The 4 Worst Mistakes New Website Owners Make

The free, self-guided web design sites can make the Do It Yourself web design seem like A-B-C. The end product looks good, with simple steps. With a few enhancements, what could possibly go wrong?

A snapshot website compared to a professionally designed, fully interactive site is akin to a still photo at a movie theater It marks the business amateurish. Interactiveness–like comments or shopping–require more skill. One false click, and the prospective client is lost in site, never to be found again. Updating, staying fresh requires more work than most anticipate, whether or not they feel confident on social media. With unskilled keyword and poor linking, it may settle to the dregs of a search engine.

1. Making the DIY website look “pretty” instead of professional.
Unless trained in graphic design, colors, layout, the images and headings may give the wrong message. Word color and font get lost on the page, color contrast can be jarring or muddy. Composition can beckon or repel. Are searches easy, curiosity aroused? Is the site purpose clear? Additionally, use of copyrighted material without proper license or permission is not a trifle in the big wide world of “www.” Poachers may find themselves in litigious tangles that last longer than their poorly constructed website.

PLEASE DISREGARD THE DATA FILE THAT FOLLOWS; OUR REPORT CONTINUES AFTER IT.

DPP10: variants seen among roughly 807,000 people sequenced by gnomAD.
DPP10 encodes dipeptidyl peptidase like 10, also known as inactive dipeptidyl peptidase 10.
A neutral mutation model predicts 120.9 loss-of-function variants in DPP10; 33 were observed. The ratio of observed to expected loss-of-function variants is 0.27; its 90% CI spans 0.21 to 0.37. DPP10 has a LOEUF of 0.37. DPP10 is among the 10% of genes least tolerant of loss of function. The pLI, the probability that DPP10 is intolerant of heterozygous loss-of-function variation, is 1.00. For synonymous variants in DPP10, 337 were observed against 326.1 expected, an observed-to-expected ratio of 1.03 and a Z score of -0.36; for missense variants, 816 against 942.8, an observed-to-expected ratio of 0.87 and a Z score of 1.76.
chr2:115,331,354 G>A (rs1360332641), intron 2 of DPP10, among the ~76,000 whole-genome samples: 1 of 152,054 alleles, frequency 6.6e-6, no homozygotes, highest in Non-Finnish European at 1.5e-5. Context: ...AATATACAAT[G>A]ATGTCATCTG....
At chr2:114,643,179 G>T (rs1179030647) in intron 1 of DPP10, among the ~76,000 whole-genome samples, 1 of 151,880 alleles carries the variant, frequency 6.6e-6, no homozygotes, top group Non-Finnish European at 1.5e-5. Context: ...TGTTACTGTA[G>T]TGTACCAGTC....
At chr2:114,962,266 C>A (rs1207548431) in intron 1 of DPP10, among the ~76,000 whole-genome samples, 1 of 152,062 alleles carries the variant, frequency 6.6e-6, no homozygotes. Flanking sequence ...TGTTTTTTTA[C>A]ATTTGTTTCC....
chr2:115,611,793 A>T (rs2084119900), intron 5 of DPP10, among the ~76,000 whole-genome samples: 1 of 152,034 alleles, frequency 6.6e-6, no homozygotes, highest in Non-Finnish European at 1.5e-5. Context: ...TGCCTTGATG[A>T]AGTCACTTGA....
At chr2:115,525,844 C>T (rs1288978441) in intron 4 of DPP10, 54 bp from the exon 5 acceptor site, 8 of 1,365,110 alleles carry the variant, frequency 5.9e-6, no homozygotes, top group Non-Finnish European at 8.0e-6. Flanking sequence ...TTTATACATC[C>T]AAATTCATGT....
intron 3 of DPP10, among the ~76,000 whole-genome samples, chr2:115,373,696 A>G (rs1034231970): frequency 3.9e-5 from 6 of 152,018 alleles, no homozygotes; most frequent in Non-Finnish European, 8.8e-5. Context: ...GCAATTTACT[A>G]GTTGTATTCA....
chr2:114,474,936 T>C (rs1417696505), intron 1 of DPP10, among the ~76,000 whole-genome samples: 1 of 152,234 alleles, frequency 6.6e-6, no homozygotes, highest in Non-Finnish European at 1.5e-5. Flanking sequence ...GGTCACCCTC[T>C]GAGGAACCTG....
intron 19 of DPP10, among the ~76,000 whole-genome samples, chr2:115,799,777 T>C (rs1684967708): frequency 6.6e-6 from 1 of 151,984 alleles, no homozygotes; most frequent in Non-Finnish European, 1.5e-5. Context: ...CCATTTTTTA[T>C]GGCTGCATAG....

2. Making awkward interactive tools.
Protecting a contact from being harvested for spam requires knowledge in the evolving realm of contact piracy. The email you set up specifically for sales, questions, promotions and comments is suddenly filled with intimacy enhancing offers and letters from displaced princes needing financial help. Easy, attractive navigation is critical for business, whether for services, commodities or event bookings. A poorly built website and database can make a prospective client feel lost in a maze.

3. Unable to maintain fresh upkeep.
Building a site is fun, satisfying; it’s like playing with scissors and crayons. Though fun, the process will takes longer than it should. Now launched, the work has just begun. It must be maintained: images and writing, items for sale, comments or discussions; all must be monitored and kept alive. It requires constant care or it gets stale and so will the business reputation.

4. Going solo in the world of linking communities.
The common person has no Code knowledge; Code is the underpinning of so much that goes on behind the curtain of the site. Every jot and pixel requires careful creation. Site links themselves are tucked behind icons located at the edges or bottom of the page. Knowing how to accurately redirect to another link without losing a customer is key.

The professional web builder is part designer, part artist, part counselor, part teacher and part entrepreneurial wizard. By understanding the purpose and goal of a web design, the builder ensures properly licensed images, manages add-ons, flash drives and cookies, creates protected contact points and fresh, accessible databases. In short, the hard scaffolding keeping a beautiful website usable is completely invisible. The designer can facilitate updates as needed. Ready to launch, the site may rise like cream to the top of the search engines.